Scottish Trans, part of LGBTI human rights charity Equality Network, believe that the Scottish Government should appeal the decision of the Court of Session that the UK Government acted lawfully when it issued a section 35 order to block the Gender Recognition Reform (Scotland) Bill from gaining royal assent and becoming law.
The charity says that challenging the decision in favour of the Secretary of State’s block of the Gender Recognition Reform (Scotland) Bill is the only way to ensure that trans men and women across Scotland will be able to access a fair and simple process to be recognised as who they truly are.
Despite ruling in the UK Government’s favour, the charity notes that the Court, and both the UK and Scottish Governments, were all agreed that the Bill was a devolved issue that the Scottish Parliament had the power to legislate on. They were also all agreed that the case was not about the merits of the Bill itself – but instead about how wide the power in section 35 of the Scotland Act is in allowing the Secretary of State for Scotland to block a bill passed by the Scottish Parliament.
Scottish Trans were given permission to act as third-party ‘public interest interveners’ in the case, and submitted written evidence to the court about why they believe that the UK Government’s reasons for blocking the Gender Recognition Reform (Scotland) Bill were wrong or inadequate.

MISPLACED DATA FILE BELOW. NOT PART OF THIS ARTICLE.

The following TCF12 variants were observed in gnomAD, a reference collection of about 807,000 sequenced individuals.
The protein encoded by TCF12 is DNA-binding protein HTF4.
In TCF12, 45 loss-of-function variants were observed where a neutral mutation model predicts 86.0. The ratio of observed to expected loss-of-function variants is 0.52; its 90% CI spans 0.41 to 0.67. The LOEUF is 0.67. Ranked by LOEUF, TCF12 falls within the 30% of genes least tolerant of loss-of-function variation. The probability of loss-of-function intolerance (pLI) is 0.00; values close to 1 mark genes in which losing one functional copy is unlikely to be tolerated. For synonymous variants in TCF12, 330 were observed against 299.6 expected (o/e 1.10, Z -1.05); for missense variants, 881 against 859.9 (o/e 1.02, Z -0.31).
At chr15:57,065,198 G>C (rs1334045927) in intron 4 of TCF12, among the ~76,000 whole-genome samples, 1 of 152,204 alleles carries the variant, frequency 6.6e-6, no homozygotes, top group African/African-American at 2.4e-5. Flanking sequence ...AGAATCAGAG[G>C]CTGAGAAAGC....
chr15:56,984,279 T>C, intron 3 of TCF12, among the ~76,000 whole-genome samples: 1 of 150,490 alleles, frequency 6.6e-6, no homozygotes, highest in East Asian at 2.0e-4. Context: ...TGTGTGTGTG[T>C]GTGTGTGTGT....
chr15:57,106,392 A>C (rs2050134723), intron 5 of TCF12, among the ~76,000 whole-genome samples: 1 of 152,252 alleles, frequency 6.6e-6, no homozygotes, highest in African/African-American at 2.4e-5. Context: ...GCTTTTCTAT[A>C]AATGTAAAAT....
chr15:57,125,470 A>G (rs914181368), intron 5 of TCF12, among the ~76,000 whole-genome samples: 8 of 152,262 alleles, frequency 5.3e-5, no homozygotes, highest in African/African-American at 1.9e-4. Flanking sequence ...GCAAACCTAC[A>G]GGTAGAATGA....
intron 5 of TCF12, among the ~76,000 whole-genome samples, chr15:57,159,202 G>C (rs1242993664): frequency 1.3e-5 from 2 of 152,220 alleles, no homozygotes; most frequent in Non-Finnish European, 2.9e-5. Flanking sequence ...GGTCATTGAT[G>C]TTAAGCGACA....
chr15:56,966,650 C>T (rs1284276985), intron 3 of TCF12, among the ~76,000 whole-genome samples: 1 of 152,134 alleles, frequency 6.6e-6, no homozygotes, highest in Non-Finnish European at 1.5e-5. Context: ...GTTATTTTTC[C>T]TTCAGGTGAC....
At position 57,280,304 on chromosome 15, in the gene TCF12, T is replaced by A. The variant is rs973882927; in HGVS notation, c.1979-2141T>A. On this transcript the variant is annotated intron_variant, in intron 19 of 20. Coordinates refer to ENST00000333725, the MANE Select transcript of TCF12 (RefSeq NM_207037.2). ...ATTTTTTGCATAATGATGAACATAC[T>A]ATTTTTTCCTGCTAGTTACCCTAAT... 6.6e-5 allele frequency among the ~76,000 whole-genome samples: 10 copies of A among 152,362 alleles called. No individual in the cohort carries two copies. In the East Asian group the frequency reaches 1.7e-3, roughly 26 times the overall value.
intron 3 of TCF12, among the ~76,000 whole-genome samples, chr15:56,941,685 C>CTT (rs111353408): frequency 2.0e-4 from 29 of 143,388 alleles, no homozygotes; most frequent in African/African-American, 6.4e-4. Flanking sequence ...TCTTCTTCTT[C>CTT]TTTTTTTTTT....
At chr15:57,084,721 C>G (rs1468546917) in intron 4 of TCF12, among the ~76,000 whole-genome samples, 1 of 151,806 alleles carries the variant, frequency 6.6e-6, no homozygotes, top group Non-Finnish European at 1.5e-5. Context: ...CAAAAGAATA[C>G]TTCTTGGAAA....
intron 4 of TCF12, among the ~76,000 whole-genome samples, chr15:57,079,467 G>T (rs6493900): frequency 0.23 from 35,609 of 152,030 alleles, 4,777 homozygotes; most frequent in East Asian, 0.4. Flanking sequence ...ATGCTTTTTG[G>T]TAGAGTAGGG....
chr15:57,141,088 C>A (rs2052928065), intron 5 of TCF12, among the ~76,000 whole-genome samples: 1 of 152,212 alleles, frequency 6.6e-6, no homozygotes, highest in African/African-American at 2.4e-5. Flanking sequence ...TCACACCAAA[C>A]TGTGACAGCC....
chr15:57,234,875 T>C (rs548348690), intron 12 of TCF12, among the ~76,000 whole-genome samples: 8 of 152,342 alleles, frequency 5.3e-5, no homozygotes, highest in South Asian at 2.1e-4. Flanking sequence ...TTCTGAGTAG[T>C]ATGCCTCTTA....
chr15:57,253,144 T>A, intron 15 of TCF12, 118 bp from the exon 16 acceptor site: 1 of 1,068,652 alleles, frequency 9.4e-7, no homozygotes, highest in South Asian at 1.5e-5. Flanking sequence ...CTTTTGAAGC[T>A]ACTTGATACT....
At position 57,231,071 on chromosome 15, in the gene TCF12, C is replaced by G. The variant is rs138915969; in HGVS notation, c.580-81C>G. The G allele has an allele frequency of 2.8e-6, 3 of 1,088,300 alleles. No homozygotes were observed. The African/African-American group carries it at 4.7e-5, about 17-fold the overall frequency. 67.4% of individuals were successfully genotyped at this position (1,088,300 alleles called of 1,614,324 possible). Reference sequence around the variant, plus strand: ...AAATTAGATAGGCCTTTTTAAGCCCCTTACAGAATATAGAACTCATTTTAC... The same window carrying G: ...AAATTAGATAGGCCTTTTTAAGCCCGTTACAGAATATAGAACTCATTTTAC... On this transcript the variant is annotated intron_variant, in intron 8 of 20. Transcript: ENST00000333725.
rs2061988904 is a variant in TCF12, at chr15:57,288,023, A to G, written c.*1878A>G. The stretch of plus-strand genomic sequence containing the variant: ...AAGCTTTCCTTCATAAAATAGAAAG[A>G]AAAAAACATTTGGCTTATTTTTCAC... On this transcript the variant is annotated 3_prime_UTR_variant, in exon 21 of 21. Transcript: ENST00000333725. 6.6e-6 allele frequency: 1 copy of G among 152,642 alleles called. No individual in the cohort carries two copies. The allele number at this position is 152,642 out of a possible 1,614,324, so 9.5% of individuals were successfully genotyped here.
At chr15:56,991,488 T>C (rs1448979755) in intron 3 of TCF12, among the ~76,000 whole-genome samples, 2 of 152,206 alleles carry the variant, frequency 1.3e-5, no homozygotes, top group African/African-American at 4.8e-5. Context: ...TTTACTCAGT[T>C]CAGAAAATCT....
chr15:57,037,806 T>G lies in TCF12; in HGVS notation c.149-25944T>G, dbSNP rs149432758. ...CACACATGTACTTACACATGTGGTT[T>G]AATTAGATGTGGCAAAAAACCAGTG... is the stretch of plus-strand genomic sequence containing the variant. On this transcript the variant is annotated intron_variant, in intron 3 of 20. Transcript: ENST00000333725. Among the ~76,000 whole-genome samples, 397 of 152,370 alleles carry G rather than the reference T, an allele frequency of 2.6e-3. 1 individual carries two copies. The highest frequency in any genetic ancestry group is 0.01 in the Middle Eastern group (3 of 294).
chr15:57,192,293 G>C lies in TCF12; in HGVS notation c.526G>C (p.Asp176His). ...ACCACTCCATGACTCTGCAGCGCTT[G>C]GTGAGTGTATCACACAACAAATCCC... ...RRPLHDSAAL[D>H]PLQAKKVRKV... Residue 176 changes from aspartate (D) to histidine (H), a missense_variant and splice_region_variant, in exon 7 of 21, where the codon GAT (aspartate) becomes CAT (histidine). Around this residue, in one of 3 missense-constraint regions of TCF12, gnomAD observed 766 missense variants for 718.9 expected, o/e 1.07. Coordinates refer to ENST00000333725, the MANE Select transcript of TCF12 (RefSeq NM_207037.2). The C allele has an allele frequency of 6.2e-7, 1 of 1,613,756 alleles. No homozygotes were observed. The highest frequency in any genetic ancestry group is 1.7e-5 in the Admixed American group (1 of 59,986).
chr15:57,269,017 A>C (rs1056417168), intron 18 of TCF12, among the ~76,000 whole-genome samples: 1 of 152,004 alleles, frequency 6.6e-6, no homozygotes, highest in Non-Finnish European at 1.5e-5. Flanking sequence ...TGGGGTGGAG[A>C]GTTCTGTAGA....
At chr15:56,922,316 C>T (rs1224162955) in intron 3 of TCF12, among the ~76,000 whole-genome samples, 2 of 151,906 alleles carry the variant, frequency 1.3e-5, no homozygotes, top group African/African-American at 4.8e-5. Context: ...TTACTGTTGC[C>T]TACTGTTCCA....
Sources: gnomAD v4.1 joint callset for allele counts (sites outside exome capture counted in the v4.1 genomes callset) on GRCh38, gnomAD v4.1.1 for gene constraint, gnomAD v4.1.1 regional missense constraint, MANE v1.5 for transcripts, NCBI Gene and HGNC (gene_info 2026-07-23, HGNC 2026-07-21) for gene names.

Scottish Trans believes that the Gender Recognition Reform (Scotland) Bill will simply have a positive impact on the small number of trans men and women who wish to update the sex recorded on their birth certificate to reflect who they are and how they live their lives. They do not believe that any of the negative effects that the UK Government is claiming would result from the Bill becoming law would be realised. They believe that the Scottish Government should appeal this decision to a higher court.
Vic Valentine, Scottish Trans Manager said:
“The Gender Recognition Reform (Scotland) Bill would significantly improve the process that trans men and women in Scotland use to update the sex recorded on their birth certificates, so that at important moments of their lives, such as registering to be married, they would be able to show a document that reflects who they truly are.
“The GRR Bill is important to trans people, and the court judgement is clear that it is not about the merits of the bill. Nor was the judgement about whether the UK Government made the right decision, or considered all the evidence, in blocking the bill. In our view they did not. The judgement is simply about whether the UKG has the power under section 35 of the Scotland Act, to block it, and the court has concluded that they do.
“We are really concerned that this judgement, if left unchallenged, means that trans people will continue to have to use the intrusive, unfair and expensive process for being legally recognised as who we truly are that a majority of MSPs voted to significantly improve last year – and so we urge the Scottish Government to appeal.”